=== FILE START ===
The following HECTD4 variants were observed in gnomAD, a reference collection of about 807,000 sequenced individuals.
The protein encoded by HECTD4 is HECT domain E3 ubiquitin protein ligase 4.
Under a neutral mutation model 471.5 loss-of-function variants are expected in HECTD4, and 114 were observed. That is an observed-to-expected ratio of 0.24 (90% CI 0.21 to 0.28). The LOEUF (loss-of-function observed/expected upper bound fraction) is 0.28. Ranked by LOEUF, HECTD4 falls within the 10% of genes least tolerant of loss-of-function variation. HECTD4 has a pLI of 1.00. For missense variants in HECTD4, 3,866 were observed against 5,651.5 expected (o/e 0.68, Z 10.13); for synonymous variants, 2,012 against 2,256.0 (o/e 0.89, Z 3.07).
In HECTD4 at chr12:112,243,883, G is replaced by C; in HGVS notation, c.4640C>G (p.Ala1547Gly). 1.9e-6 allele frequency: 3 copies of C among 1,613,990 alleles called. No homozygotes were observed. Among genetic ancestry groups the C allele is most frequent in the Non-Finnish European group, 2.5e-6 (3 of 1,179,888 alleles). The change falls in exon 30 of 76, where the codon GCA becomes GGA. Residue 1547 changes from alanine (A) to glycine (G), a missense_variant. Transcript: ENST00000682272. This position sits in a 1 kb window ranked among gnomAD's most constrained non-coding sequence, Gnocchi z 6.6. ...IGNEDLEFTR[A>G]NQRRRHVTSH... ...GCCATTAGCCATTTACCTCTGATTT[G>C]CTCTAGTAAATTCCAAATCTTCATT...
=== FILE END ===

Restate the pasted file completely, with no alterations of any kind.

The following HECTD4 variants were observed in gnomAD, a reference collection of about 807,000 sequenced individuals.
The protein encoded by HECTD4 is HECT domain E3 ubiquitin protein ligase 4.
Under a neutral mutation model 471.5 loss-of-function variants are expected in HECTD4, and 114 were observed. That is an observed-to-expected ratio of 0.24 (90% CI 0.21 to 0.28). The LOEUF (loss-of-function observed/expected upper bound fraction) is 0.28. Ranked by LOEUF, HECTD4 falls within the 10% of genes least tolerant of loss-of-function variation. HECTD4 has a pLI of 1.00. For missense variants in HECTD4, 3,866 were observed against 5,651.5 expected (o/e 0.68, Z 10.13); for synonymous variants, 2,012 against 2,256.0 (o/e 0.89, Z 3.07).
In HECTD4 at chr12:112,243,883, G is replaced by C; in HGVS notation, c.4640C>G (p.Ala1547Gly). 1.9e-6 allele frequency: 3 copies of C among 1,613,990 alleles called. No homozygotes were observed. Among genetic ancestry groups the C allele is most frequent in the Non-Finnish European group, 2.5e-6 (3 of 1,179,888 alleles). The change falls in exon 30 of 76, where the codon GCA becomes GGA. Residue 1547 changes from alanine (A) to glycine (G), a missense_variant. Transcript: ENST00000682272. This position sits in a 1 kb window ranked among gnomAD's most constrained non-coding sequence, Gnocchi z 6.6. ...IGNEDLEFTR[A>G]NQRRRHVTSH... ...GCCATTAGCCATTTACCTCTGATTT[G>C]CTCTAGTAAATTCCAAATCTTCATT...